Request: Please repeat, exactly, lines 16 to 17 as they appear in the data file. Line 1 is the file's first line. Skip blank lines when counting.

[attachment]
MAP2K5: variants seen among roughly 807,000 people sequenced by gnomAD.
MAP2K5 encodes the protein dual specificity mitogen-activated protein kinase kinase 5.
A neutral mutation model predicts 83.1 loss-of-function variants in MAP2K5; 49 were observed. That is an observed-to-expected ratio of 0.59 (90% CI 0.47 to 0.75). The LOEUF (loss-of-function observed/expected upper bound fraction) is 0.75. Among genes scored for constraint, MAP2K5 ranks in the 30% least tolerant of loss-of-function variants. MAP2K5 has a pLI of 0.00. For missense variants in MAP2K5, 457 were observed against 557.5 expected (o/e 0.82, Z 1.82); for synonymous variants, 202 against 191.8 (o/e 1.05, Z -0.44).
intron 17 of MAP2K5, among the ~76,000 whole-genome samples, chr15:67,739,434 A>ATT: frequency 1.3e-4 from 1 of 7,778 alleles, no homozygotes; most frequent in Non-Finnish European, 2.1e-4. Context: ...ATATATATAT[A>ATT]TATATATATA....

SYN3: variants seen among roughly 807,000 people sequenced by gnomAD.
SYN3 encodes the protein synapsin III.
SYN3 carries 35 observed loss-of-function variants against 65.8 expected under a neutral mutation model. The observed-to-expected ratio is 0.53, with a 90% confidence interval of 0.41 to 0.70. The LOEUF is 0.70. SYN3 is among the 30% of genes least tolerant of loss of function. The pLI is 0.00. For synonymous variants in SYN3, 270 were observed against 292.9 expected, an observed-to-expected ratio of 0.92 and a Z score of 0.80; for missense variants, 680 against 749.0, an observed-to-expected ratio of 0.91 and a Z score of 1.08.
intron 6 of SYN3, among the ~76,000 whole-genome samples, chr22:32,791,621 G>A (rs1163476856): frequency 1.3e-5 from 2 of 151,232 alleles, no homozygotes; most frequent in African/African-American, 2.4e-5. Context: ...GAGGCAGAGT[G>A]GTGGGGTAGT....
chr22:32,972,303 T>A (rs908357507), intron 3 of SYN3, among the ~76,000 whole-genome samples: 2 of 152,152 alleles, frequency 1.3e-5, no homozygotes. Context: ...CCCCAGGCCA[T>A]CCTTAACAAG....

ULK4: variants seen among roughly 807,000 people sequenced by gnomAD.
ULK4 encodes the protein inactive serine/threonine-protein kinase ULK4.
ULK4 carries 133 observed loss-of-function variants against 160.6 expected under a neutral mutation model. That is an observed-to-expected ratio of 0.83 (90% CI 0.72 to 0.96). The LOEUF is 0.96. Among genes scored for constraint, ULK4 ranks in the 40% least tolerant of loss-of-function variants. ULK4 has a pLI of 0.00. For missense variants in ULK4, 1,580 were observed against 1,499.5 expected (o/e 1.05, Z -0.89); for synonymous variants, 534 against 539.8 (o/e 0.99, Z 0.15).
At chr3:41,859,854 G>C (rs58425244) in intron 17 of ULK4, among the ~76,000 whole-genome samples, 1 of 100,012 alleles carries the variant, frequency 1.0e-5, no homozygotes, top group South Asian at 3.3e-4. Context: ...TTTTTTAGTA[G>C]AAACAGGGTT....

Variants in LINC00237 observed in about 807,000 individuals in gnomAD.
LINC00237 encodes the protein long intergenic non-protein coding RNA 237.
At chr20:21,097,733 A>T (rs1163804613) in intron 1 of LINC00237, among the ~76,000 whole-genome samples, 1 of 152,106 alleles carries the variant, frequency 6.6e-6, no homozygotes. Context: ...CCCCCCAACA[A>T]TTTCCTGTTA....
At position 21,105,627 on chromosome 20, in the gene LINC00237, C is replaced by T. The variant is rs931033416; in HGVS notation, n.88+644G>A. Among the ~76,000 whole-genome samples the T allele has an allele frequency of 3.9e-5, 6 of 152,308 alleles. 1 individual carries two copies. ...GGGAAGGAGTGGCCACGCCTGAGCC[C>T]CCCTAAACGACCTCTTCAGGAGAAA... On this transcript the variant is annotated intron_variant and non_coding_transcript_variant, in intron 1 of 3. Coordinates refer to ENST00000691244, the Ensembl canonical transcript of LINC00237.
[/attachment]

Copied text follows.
At chr20:21,097,733 A>T (rs1163804613) in intron 1 of LINC00237, among the ~76,000 whole-genome samples, 1 of 152,106 alleles carries the variant, frequency 6.6e-6, no homozygotes. Context: ...CCCCCCAACA[A>T]TTTCCTGTTA....
At position 21,105,627 on chromosome 20, in the gene LINC00237, C is replaced by T. The variant is rs931033416; in HGVS notation, n.88+644G>A. Among the ~76,000 whole-genome samples the T allele has an allele frequency of 3.9e-5, 6 of 152,308 alleles. 1 individual carries two copies. ...GGGAAGGAGTGGCCACGCCTGAGCC[C>T]CCCTAAACGACCTCTTCAGGAGAAA... On this transcript the variant is annotated intron_variant and non_coding_transcript_variant, in intron 1 of 3. Coordinates refer to ENST00000691244, the Ensembl canonical transcript of LINC00237.